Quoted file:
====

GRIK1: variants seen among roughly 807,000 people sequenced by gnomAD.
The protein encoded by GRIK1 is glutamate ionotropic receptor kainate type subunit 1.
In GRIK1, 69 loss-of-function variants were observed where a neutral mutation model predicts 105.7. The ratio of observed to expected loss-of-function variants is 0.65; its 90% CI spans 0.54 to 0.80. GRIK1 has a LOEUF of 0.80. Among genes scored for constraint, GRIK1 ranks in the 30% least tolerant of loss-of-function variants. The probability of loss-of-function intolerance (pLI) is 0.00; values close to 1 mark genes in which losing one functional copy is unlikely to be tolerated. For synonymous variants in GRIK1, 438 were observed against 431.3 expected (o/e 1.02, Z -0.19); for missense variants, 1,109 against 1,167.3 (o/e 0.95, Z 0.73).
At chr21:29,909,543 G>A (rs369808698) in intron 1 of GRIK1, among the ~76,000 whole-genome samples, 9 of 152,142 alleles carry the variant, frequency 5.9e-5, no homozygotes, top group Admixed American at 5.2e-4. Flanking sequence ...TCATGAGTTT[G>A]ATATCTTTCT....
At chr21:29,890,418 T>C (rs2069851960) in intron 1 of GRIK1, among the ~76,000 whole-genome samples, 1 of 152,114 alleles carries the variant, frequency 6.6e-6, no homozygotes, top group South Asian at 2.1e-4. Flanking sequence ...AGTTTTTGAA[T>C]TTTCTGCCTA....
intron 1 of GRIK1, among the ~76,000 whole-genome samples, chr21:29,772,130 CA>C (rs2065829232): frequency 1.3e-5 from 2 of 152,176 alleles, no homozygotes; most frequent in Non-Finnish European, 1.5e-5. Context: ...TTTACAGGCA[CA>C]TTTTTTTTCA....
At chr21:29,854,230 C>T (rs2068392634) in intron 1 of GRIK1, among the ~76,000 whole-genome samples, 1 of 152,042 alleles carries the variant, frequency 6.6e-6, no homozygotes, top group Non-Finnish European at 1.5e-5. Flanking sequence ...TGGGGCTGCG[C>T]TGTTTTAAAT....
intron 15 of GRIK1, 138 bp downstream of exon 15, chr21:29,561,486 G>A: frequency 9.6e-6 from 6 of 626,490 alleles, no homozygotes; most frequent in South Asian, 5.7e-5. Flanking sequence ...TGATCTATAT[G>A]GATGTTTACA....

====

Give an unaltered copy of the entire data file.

GRIK1: variants seen among roughly 807,000 people sequenced by gnomAD.
The protein encoded by GRIK1 is glutamate ionotropic receptor kainate type subunit 1.
In GRIK1, 69 loss-of-function variants were observed where a neutral mutation model predicts 105.7. The ratio of observed to expected loss-of-function variants is 0.65; its 90% CI spans 0.54 to 0.80. GRIK1 has a LOEUF of 0.80. Among genes scored for constraint, GRIK1 ranks in the 30% least tolerant of loss-of-function variants. The probability of loss-of-function intolerance (pLI) is 0.00; values close to 1 mark genes in which losing one functional copy is unlikely to be tolerated. For synonymous variants in GRIK1, 438 were observed against 431.3 expected (o/e 1.02, Z -0.19); for missense variants, 1,109 against 1,167.3 (o/e 0.95, Z 0.73).
At chr21:29,909,543 G>A (rs369808698) in intron 1 of GRIK1, among the ~76,000 whole-genome samples, 9 of 152,142 alleles carry the variant, frequency 5.9e-5, no homozygotes, top group Admixed American at 5.2e-4. Flanking sequence ...TCATGAGTTT[G>A]ATATCTTTCT....
At chr21:29,890,418 T>C (rs2069851960) in intron 1 of GRIK1, among the ~76,000 whole-genome samples, 1 of 152,114 alleles carries the variant, frequency 6.6e-6, no homozygotes, top group South Asian at 2.1e-4. Flanking sequence ...AGTTTTTGAA[T>C]TTTCTGCCTA....
intron 1 of GRIK1, among the ~76,000 whole-genome samples, chr21:29,772,130 CA>C (rs2065829232): frequency 1.3e-5 from 2 of 152,176 alleles, no homozygotes; most frequent in Non-Finnish European, 1.5e-5. Context: ...TTTACAGGCA[CA>C]TTTTTTTTCA....
At chr21:29,854,230 C>T (rs2068392634) in intron 1 of GRIK1, among the ~76,000 whole-genome samples, 1 of 152,042 alleles carries the variant, frequency 6.6e-6, no homozygotes, top group Non-Finnish European at 1.5e-5. Flanking sequence ...TGGGGCTGCG[C>T]TGTTTTAAAT....
intron 15 of GRIK1, 138 bp downstream of exon 15, chr21:29,561,486 G>A: frequency 9.6e-6 from 6 of 626,490 alleles, no homozygotes; most frequent in South Asian, 5.7e-5. Flanking sequence ...TGATCTATAT[G>A]GATGTTTACA....